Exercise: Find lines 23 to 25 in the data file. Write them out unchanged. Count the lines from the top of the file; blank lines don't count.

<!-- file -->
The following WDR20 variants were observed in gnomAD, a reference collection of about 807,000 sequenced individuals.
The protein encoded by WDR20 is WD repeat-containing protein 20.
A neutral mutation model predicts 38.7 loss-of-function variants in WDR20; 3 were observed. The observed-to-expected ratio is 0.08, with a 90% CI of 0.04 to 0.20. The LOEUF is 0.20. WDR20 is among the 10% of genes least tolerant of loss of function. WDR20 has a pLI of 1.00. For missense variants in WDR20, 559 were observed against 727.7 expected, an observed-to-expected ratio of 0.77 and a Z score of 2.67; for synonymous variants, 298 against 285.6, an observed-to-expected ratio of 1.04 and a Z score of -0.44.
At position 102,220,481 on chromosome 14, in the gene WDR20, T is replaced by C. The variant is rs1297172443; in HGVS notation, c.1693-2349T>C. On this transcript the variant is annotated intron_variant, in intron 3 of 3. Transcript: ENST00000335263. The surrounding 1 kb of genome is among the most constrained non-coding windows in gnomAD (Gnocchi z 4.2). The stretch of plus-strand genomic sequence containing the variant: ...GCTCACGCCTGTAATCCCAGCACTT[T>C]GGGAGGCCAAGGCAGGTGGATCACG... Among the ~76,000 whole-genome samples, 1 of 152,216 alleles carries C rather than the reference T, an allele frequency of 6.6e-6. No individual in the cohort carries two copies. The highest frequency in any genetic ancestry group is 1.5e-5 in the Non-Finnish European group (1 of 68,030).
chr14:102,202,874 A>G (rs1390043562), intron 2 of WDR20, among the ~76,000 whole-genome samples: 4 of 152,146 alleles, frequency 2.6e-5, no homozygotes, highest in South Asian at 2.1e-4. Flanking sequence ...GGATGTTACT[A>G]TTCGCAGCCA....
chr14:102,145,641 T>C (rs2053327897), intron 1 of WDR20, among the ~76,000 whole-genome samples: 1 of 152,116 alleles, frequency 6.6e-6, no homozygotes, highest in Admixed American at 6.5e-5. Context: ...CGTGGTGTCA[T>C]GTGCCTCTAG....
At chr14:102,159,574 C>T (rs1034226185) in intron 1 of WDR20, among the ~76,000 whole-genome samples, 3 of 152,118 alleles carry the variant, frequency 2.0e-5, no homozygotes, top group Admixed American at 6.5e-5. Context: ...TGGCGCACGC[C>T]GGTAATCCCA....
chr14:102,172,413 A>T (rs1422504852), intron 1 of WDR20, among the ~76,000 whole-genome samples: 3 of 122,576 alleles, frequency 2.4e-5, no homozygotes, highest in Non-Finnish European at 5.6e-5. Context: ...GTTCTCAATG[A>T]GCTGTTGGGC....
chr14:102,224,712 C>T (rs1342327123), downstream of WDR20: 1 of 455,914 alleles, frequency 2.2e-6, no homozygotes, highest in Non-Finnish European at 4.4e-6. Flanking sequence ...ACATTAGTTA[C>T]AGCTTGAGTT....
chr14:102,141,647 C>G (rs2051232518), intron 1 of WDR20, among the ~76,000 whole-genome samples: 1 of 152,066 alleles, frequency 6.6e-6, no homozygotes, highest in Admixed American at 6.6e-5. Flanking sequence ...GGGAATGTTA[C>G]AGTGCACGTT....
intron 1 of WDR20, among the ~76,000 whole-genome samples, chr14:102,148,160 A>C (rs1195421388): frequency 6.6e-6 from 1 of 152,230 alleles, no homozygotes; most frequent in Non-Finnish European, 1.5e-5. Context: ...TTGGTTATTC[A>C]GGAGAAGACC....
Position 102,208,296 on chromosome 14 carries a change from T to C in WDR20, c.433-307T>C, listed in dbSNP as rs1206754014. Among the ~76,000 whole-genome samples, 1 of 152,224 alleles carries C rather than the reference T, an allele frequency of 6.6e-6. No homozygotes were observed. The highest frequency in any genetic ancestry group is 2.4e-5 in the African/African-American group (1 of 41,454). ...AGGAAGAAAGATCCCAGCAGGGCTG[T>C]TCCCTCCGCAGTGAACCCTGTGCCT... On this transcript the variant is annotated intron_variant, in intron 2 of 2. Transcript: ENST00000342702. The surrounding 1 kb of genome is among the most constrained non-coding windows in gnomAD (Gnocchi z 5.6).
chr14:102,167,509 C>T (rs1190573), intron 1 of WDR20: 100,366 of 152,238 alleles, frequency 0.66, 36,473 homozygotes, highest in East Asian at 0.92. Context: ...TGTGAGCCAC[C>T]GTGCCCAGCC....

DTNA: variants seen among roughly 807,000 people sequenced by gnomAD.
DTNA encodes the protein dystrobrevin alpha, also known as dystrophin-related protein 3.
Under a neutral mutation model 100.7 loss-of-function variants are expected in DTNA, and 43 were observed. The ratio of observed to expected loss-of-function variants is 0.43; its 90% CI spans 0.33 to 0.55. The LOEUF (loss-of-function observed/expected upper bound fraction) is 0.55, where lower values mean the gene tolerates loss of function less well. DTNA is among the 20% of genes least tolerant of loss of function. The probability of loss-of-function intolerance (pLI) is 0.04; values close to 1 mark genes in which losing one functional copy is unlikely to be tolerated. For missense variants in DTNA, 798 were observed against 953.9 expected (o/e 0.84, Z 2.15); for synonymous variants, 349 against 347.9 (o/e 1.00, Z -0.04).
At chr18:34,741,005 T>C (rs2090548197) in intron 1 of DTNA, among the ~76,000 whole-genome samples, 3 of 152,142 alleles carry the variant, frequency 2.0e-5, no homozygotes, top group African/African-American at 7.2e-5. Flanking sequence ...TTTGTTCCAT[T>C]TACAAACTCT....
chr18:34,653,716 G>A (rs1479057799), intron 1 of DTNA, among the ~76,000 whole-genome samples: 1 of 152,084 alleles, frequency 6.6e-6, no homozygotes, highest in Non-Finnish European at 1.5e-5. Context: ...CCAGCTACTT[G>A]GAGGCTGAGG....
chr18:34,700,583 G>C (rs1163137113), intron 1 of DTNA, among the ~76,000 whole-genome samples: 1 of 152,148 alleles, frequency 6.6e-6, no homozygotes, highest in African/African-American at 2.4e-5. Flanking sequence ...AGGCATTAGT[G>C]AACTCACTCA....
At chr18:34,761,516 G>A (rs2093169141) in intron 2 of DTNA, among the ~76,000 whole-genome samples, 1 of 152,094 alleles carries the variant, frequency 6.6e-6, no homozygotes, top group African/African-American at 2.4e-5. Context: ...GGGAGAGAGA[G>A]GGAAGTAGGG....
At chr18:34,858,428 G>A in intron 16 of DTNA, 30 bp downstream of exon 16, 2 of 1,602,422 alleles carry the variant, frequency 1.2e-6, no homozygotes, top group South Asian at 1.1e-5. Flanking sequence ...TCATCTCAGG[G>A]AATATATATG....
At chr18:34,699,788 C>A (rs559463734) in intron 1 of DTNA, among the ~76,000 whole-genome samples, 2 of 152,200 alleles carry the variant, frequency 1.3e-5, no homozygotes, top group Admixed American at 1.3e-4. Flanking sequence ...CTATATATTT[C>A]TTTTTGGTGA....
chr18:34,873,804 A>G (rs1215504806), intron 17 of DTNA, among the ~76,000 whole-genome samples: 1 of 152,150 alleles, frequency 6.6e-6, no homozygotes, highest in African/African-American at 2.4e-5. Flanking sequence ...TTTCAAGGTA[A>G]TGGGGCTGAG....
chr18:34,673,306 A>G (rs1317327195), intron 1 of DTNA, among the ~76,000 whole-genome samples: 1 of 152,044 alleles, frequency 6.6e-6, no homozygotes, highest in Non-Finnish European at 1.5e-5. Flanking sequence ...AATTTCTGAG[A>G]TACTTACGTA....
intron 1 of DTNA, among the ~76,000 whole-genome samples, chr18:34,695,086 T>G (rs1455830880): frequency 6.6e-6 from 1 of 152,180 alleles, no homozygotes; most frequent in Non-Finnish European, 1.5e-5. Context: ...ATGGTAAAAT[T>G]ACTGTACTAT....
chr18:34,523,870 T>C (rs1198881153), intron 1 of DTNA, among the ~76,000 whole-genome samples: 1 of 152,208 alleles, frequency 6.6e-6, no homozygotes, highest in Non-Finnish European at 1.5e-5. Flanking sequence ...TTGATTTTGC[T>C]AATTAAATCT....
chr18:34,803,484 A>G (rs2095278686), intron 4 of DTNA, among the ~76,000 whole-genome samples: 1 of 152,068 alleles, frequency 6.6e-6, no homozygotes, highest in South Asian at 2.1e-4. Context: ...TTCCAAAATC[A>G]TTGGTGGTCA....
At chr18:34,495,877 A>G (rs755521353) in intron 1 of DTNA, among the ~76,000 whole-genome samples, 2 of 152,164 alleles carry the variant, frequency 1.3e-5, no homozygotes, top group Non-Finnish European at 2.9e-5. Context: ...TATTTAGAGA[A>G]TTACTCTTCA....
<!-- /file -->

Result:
chr18:34,873,804 A>G (rs1215504806), intron 17 of DTNA, among the ~76,000 whole-genome samples: 1 of 152,150 alleles, frequency 6.6e-6, no homozygotes, highest in African/African-American at 2.4e-5. Flanking sequence ...TTTCAAGGTA[A>G]TGGGGCTGAG....
chr18:34,673,306 A>G (rs1317327195), intron 1 of DTNA, among the ~76,000 whole-genome samples: 1 of 152,044 alleles, frequency 6.6e-6, no homozygotes, highest in Non-Finnish European at 1.5e-5. Flanking sequence ...AATTTCTGAG[A>G]TACTTACGTA....
intron 1 of DTNA, among the ~76,000 whole-genome samples, chr18:34,695,086 T>G (rs1455830880): frequency 6.6e-6 from 1 of 152,180 alleles, no homozygotes; most frequent in Non-Finnish European, 1.5e-5. Context: ...ATGGTAAAAT[T>G]ACTGTACTAT....